My 9/11 story.

Most people remember where they were and what they were doing when they first got the news of the 9/11 tragedies. I remember. One hundred fifty miles north of the World Trade Center, I was driving down the highway to train my successor for the job I quit a month before. I had no replacement job; my new title was Stay-at-Home-Mom. My sons were ten and fifteen.

I was starting a new life of hope and promise when so many others’ lives were shattered. That day made me realize how grateful I was to have woken up to my priorities before it was too late.

I quit my job because Matthew—my fifteen-year-old— was having a painfully slow recovery from the damage caused by his brain tumor, diagnosed four years earlier. I needed to focus on him, focus on healing our family, and focus on healing myself—physically and emotionally—from the ordeal. My career came last. Or it should have, but it didn’t always. 

My position had been Student Assistance Counselor in a K-5 elementary school. I taught lessons on feelings and problem solving and decision making, and ran support groups for sad or angry or floundering students. I loved the kids, loved the job, but the job didn’t always love me back. Too many needy kids needed me too much. After nine years, it sucked me dry. My sons and my husband got the dregs of my energy and attention, whatever was left after I gave at the office. 

It’s too complicated to explain here how this imbalance happened; someday, you’ll read about it in my memoir. Too many Americans have much harder stories to tell today, and I don’t want to grandstand.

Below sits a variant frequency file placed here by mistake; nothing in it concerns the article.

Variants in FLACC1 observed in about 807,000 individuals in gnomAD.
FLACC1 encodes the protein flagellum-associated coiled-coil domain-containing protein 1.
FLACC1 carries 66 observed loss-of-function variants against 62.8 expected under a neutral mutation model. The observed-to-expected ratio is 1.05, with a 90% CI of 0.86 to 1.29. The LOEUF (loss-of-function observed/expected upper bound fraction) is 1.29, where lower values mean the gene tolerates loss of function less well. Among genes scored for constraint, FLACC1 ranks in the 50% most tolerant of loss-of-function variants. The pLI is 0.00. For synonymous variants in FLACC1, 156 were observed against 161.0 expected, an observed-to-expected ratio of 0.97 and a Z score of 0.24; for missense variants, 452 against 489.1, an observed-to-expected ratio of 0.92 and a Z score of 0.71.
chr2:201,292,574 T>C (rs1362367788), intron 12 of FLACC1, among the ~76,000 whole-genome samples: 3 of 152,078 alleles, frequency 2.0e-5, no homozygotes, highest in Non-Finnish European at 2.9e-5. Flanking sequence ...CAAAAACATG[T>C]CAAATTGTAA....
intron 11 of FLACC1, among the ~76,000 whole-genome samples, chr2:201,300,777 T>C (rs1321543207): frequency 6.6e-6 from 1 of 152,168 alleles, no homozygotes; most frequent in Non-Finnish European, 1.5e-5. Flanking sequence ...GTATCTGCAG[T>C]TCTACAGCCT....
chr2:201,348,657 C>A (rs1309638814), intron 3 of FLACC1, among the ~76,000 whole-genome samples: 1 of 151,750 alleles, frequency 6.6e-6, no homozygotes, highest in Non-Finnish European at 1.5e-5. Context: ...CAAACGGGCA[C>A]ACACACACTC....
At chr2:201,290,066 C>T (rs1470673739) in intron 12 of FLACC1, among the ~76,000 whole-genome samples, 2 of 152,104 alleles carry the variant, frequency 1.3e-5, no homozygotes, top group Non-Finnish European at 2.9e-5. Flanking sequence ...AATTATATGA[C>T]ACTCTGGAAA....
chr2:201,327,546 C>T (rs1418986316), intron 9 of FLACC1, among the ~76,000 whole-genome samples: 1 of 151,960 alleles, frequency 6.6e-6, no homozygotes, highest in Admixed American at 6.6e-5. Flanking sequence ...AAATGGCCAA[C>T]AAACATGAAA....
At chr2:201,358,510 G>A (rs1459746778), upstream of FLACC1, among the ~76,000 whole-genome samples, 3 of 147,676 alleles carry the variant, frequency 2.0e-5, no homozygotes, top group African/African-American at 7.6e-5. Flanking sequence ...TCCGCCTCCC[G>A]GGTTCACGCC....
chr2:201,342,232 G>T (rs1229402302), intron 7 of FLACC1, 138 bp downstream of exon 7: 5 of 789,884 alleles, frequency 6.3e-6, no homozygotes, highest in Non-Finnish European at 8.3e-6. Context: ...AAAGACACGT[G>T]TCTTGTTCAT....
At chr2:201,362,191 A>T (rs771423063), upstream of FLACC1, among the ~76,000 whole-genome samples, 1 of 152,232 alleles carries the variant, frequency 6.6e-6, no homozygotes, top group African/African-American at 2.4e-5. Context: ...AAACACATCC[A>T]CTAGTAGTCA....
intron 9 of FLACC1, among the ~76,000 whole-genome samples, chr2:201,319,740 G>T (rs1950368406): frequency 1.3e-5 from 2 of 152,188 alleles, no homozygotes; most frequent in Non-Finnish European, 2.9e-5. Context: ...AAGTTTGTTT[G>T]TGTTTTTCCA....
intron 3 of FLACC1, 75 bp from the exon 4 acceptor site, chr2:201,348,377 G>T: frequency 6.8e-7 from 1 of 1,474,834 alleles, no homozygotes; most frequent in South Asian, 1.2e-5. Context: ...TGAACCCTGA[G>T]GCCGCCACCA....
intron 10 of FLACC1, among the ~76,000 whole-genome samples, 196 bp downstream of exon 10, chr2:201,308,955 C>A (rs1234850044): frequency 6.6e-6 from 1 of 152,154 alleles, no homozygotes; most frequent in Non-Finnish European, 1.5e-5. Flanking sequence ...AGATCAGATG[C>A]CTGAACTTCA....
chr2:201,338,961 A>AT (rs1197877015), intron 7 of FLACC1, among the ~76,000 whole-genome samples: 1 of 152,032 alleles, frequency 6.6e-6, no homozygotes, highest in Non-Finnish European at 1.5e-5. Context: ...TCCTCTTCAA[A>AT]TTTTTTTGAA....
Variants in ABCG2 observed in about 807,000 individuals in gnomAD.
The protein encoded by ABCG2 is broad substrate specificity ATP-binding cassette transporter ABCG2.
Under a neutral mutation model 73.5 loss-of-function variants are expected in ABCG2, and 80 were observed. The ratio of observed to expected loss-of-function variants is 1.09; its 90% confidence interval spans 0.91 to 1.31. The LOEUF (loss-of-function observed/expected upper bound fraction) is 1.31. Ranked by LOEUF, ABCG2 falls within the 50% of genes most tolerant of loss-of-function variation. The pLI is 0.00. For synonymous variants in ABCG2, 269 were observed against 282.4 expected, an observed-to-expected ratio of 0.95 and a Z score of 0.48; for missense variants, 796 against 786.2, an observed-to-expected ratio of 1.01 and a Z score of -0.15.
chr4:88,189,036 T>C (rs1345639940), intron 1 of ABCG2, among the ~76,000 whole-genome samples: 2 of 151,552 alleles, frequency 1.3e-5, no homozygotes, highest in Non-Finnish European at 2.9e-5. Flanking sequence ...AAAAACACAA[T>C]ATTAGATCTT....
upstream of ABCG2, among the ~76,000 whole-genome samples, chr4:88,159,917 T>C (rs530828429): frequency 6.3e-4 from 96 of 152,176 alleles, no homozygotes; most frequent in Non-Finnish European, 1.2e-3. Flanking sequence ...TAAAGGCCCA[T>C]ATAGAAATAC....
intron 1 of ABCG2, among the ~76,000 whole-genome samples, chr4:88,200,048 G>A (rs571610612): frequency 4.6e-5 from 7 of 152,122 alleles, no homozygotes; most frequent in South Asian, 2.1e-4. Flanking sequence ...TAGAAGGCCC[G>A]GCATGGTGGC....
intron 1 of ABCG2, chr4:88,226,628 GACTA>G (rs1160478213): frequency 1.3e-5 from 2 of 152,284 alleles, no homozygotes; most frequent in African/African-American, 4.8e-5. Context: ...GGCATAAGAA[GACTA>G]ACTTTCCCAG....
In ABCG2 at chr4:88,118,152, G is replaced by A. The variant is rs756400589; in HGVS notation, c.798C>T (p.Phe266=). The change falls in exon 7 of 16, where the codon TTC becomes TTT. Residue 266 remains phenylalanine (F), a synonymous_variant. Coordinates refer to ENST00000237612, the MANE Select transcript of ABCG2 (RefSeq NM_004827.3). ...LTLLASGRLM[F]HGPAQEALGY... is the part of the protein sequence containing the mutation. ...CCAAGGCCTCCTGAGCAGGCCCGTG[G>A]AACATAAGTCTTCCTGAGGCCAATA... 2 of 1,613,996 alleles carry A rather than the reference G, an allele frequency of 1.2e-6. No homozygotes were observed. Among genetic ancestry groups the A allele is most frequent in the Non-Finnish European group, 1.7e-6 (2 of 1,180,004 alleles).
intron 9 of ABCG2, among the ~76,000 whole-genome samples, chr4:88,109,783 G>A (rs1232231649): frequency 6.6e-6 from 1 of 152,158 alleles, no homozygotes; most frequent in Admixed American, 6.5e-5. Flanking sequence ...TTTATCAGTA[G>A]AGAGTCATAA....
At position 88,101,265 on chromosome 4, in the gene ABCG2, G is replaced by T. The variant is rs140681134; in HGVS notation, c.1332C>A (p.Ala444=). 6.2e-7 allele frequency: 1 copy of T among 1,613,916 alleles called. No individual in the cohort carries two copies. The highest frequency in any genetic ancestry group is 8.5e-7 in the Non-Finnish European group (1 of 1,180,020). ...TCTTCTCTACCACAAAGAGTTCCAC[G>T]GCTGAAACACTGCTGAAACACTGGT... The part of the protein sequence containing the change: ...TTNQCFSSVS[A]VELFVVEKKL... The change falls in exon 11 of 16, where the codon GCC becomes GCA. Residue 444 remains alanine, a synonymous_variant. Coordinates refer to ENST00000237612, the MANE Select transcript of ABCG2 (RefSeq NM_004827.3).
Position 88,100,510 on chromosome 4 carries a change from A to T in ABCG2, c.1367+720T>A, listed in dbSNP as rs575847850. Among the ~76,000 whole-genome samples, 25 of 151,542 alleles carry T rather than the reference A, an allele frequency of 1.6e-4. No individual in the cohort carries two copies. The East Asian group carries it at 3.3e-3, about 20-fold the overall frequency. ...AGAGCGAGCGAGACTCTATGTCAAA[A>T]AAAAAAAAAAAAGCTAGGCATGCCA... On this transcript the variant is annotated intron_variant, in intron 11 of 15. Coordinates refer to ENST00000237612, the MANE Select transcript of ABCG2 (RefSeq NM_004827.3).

Today, I hope we can remember to focus on our priorities before a crisis or tragedy strikes. And if our world crashes down, literally or figuratively, I hope we find ways to grow as we heal.

It’s a good day to remember. I will.

4 thoughts on “My 9/11 story.”

  1. As you said, we all remember where we were.I was at work (one of YOUR former former job locations) in Troy. A silly thing (now) was in the late morning, the TV & radio broadcasters were saying that all the bridges 0ver the Hudson River were closed, and I wondered how I would get home to Albany. Silly me. Of course, they didn’t mean bridges all the way up here, just around the City. But, it all felt so present to all of us. After the 1st plane hit and they knew it was terrorism, someone brought the big TV on the cart, up to the lobby, and people came from all over campus, to watch. The TV ran non-stop for about 2 days. I saw the 2nd plane hit the Towers, in real time. It was so frightening and sickening.That night, also a Tuesday, was supposed to be the resumption after the Summer, of our folk group/choir rehearsal at church. But people from all over came to church to pray, which we did, instead of rehearsing. It felt somewhat comforting to be together, praying for all the many needs.

    So, I hope we continue to pray, and never forget.

    1. I can picture the big TV in the lobby and a big, quiet crowd. And of course you wondered how you would get home – we had no idea what would happen next. When I got home, I called my sister in Chicago to tell her I loved her. New York City, then DC, I figured Chicago could be next.

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